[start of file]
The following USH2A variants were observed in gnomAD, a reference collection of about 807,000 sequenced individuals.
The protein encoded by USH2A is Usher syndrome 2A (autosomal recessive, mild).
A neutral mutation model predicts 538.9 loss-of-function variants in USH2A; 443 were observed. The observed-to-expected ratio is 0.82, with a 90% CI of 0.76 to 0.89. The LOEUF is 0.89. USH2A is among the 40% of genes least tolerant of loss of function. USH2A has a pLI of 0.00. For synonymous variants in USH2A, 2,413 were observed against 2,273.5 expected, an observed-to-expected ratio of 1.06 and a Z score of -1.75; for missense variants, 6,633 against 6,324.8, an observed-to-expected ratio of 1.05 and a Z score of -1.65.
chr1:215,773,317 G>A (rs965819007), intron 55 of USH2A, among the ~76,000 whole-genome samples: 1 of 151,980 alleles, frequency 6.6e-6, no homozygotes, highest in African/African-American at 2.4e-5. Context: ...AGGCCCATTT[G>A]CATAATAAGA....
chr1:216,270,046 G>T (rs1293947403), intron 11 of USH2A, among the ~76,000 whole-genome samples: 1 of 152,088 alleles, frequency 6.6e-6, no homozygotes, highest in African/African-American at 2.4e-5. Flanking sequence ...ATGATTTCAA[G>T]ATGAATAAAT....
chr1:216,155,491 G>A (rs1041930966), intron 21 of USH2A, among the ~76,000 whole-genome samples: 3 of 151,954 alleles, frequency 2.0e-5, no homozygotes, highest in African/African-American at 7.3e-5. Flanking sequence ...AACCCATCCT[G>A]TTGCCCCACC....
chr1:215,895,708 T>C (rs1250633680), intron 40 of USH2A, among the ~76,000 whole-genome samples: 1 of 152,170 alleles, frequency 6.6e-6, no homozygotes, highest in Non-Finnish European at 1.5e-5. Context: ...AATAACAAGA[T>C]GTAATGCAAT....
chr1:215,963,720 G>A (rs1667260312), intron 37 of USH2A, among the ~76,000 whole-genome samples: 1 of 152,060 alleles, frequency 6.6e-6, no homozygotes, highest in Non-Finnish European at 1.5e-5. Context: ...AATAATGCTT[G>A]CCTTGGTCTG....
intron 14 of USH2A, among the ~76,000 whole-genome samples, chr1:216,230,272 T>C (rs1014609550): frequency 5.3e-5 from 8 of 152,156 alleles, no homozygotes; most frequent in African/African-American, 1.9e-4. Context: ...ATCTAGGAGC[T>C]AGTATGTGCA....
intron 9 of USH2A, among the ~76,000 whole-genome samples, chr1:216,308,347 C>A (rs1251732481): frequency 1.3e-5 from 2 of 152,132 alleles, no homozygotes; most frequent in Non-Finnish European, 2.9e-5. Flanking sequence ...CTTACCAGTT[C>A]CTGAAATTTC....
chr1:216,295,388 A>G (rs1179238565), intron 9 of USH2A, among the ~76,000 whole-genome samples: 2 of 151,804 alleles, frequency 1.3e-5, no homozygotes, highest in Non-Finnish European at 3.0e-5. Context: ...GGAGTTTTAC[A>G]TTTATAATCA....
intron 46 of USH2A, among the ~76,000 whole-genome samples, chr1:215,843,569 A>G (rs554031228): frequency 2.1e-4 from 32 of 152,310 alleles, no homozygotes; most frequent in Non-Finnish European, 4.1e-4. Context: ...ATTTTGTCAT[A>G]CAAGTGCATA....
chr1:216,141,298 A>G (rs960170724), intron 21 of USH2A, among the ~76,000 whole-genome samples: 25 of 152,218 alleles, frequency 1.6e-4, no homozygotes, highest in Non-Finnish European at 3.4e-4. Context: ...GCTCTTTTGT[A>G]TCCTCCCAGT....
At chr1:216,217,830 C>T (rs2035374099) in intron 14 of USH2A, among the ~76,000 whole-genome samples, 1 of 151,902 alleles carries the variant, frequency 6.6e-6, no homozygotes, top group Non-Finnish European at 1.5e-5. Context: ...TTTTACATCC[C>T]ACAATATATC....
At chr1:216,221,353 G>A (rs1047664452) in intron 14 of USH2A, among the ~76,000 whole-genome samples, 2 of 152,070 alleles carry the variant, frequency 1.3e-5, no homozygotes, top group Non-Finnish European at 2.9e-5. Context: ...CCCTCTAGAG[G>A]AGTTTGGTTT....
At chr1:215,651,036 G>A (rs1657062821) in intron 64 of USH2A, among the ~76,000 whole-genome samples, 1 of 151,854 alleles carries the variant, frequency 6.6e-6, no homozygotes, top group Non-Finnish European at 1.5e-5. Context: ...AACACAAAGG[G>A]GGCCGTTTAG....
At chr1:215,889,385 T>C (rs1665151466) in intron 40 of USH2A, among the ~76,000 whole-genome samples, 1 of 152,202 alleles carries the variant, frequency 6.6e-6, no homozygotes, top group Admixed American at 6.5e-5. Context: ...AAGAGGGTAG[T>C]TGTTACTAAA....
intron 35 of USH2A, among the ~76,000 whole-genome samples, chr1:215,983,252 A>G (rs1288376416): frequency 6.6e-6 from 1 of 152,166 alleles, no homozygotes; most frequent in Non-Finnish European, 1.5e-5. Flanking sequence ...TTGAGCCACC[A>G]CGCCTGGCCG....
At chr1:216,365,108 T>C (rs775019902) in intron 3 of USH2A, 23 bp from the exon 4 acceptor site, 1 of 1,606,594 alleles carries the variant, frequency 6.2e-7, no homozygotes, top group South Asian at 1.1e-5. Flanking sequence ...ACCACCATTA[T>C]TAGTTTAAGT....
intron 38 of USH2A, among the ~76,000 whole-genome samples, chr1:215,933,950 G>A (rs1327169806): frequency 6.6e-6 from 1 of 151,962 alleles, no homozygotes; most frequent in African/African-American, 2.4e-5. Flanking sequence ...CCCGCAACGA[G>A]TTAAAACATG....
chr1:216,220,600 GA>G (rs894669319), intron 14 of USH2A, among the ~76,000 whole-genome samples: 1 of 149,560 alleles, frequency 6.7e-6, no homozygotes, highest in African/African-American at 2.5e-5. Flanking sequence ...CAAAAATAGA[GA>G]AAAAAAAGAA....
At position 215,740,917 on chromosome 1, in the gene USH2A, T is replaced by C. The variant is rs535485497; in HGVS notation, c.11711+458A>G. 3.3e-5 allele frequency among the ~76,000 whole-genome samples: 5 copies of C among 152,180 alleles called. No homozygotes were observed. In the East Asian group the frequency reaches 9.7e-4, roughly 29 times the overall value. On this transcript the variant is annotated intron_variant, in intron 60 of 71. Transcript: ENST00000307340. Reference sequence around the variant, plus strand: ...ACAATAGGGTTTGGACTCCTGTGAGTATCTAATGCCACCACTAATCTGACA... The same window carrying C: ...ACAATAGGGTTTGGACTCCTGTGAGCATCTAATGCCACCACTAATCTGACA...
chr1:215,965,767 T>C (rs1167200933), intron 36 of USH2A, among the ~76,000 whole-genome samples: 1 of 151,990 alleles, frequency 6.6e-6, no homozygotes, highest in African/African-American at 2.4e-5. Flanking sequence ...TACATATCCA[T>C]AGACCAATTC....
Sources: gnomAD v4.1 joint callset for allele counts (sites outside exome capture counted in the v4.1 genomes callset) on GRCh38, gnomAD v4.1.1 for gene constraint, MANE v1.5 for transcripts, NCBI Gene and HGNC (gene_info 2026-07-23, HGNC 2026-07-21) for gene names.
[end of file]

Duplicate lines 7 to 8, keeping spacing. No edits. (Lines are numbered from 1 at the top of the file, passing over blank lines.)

chr1:215,895,708 T>C (rs1250633680), intron 40 of USH2A, among the ~76,000 whole-genome samples: 1 of 152,170 alleles, frequency 6.6e-6, no homozygotes, highest in Non-Finnish European at 1.5e-5. Context: ...AATAACAAGA[T>C]GTAATGCAAT....
chr1:215,963,720 G>A (rs1667260312), intron 37 of USH2A, among the ~76,000 whole-genome samples: 1 of 152,060 alleles, frequency 6.6e-6, no homozygotes, highest in Non-Finnish European at 1.5e-5. Context: ...AATAATGCTT[G>A]CCTTGGTCTG....